Despite the human rights concerns surrounding his imprisonment, it is hard to imagine a less deserving beneficiary of the international efforts to free them than Soltan. The Islamist scholar regularly trafficked in antisemitic tropes and blood libels, accusing Jews of assassinating President John F. Kennedy, spreading the AIDS virus through infected prostitutes, and using the skulls of Palestinian babies as ashtrays.
Yet, Cardin is ready to forgive and forget, citing a letter from Soltan that his family claims was "smuggled" from an Egyptian prison and addressed to his newborn grandson. The letter, written with an eloquence and clarity that suggests careful editing or translation, is filled with qualified pseudo-apologies.
"I had only intended to stand up for justice," Soltan allegedly wrote to explain his well-documented calls for violence against Jews. "As the [Palestinian] death toll mounted, my statements sometimes veered toward antisemitism," he admitted.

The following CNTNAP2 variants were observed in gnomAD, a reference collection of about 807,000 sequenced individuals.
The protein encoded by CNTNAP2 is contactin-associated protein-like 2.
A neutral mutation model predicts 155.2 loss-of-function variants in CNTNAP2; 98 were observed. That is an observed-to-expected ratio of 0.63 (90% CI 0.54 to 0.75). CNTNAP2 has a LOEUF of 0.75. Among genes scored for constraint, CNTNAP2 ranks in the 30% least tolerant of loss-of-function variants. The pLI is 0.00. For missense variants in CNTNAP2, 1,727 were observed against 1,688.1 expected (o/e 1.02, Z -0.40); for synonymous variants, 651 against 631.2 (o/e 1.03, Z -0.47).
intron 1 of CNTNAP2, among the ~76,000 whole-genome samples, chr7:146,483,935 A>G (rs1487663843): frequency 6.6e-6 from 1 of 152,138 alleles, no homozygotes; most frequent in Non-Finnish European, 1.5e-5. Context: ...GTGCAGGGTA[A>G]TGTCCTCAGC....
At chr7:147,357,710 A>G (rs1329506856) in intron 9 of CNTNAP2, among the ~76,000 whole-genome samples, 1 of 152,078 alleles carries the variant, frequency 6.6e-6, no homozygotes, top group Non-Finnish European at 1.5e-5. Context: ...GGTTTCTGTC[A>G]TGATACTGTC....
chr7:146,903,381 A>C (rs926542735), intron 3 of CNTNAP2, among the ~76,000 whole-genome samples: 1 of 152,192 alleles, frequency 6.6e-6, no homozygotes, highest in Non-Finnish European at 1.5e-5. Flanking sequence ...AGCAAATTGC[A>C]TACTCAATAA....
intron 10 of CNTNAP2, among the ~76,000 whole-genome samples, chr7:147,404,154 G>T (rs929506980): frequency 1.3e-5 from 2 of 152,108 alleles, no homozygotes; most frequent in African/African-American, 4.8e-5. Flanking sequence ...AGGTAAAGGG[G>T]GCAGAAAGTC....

To justify his bigoted attitudes, Soltan peppered his confession with accusations of Israeli cruelty, which he claims "awakened my political consciousness and activism." He wrote of "senseless bloodshed ... the desecration of sacred sites," and "the losses and struggles of the Palestinian people and their powerlessness." Nothing was written of Israeli self-determination, Israel's right to exist, or even its right to self-defense.
Midway through his soul-searching monologue, which readers are to believe was not intended for public consumption, the self-pitying Soltan appears to inadvertently reveal the true motive behind his tepid apology. "In fact," he wrote, "my oppressors used my decade-old stances to justify and fend off pressure from concerned western parties about my release."
Public Image Makeover
It does not require a speculative leap to conclude that Soltan's letter is less an act of contrition, and more likely a self-interested exercise in image rehabilitation.
Indeed, Soltan's hunch that his critics were using his record of bigotry against him appears to be justified. A May report from the International Federation of Human Rights noted that Egypt "deployed lobbyists to cite decades old problematic remarks by Salah Soltan to dissuade policymakers from advocating for his release."